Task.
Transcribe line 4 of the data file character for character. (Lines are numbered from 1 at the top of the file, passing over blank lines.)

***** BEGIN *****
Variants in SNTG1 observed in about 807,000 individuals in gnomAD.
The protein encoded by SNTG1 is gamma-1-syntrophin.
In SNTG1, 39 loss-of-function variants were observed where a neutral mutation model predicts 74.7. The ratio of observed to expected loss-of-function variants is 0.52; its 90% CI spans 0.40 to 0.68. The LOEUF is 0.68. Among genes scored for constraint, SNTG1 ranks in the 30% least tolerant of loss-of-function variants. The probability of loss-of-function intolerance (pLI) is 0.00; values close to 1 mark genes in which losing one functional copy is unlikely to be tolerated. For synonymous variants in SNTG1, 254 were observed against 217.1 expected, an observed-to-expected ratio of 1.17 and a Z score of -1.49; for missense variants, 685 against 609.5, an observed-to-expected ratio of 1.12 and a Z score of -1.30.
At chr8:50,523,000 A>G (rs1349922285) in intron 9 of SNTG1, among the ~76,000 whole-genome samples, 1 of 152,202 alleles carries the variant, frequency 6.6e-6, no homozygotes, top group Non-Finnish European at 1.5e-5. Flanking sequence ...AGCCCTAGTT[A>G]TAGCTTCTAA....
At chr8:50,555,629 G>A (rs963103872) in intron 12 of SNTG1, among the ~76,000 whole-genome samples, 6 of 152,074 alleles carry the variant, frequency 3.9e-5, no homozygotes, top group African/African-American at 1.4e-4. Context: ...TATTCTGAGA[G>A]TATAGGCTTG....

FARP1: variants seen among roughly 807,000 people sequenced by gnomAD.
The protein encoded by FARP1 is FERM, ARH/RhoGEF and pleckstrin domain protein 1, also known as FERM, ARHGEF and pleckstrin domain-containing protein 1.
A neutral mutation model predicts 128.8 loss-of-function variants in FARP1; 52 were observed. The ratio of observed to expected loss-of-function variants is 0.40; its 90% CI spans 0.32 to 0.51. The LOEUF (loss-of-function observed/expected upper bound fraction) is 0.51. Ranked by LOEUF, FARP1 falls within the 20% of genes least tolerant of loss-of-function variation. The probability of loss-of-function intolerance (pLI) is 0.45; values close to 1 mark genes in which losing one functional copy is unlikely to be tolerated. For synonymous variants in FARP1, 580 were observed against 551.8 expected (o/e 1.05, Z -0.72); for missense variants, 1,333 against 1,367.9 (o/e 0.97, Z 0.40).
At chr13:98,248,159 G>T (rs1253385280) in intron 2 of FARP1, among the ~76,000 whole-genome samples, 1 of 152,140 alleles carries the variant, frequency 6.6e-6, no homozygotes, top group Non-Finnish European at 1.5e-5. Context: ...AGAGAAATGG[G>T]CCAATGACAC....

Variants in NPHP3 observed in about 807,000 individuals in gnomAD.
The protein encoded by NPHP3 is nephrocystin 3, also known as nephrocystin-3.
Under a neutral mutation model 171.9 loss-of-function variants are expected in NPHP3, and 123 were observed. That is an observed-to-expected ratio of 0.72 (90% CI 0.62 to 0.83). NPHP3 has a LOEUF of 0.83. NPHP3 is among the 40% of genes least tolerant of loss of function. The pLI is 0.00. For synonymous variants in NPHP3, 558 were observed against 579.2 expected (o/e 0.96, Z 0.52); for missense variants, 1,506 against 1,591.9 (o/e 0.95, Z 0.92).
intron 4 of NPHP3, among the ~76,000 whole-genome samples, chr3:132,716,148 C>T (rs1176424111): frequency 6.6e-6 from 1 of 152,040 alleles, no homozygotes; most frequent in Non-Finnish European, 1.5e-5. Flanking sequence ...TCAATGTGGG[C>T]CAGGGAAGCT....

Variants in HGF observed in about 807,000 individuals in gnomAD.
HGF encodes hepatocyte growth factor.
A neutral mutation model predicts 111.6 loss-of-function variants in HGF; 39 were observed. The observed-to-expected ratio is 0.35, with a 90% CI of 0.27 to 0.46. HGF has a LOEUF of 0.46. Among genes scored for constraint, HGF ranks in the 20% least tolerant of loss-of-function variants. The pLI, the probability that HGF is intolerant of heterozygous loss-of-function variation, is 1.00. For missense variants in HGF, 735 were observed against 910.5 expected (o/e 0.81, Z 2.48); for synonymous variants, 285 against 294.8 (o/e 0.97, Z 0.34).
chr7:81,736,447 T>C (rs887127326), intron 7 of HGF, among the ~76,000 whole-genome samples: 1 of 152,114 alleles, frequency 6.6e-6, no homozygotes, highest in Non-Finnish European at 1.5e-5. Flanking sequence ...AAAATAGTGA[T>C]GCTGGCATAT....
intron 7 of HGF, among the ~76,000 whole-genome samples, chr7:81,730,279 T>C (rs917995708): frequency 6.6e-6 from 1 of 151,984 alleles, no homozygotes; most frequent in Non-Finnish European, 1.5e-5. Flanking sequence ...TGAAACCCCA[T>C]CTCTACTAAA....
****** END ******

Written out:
At chr8:50,523,000 A>G (rs1349922285) in intron 9 of SNTG1, among the ~76,000 whole-genome samples, 1 of 152,202 alleles carries the variant, frequency 6.6e-6, no homozygotes, top group Non-Finnish European at 1.5e-5. Flanking sequence ...AGCCCTAGTT[A>G]TAGCTTCTAA....